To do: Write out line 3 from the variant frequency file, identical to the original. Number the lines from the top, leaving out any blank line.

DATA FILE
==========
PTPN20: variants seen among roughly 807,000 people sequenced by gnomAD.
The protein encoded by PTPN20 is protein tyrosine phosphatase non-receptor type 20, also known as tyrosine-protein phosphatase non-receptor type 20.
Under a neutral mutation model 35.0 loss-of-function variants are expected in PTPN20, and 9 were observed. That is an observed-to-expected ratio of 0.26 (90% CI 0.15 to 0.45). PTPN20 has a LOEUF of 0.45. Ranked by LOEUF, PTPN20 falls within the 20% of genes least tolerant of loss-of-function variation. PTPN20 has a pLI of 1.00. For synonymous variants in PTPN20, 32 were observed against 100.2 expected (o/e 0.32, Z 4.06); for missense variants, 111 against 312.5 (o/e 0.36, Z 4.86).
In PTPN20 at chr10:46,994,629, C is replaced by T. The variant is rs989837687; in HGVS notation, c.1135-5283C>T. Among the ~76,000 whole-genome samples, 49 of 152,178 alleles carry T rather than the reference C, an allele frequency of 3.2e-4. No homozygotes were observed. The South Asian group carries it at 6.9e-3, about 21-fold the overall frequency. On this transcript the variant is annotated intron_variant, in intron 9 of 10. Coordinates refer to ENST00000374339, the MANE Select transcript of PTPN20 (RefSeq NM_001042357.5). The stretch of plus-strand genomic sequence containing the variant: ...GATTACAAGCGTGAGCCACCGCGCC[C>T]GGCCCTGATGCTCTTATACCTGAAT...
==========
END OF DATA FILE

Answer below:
Under a neutral mutation model 35.0 loss-of-function variants are expected in PTPN20, and 9 were observed. That is an observed-to-expected ratio of 0.26 (90% CI 0.15 to 0.45). PTPN20 has a LOEUF of 0.45. Ranked by LOEUF, PTPN20 falls within the 20% of genes least tolerant of loss-of-function variation. PTPN20 has a pLI of 1.00. For synonymous variants in PTPN20, 32 were observed against 100.2 expected (o/e 0.32, Z 4.06); for missense variants, 111 against 312.5 (o/e 0.36, Z 4.86).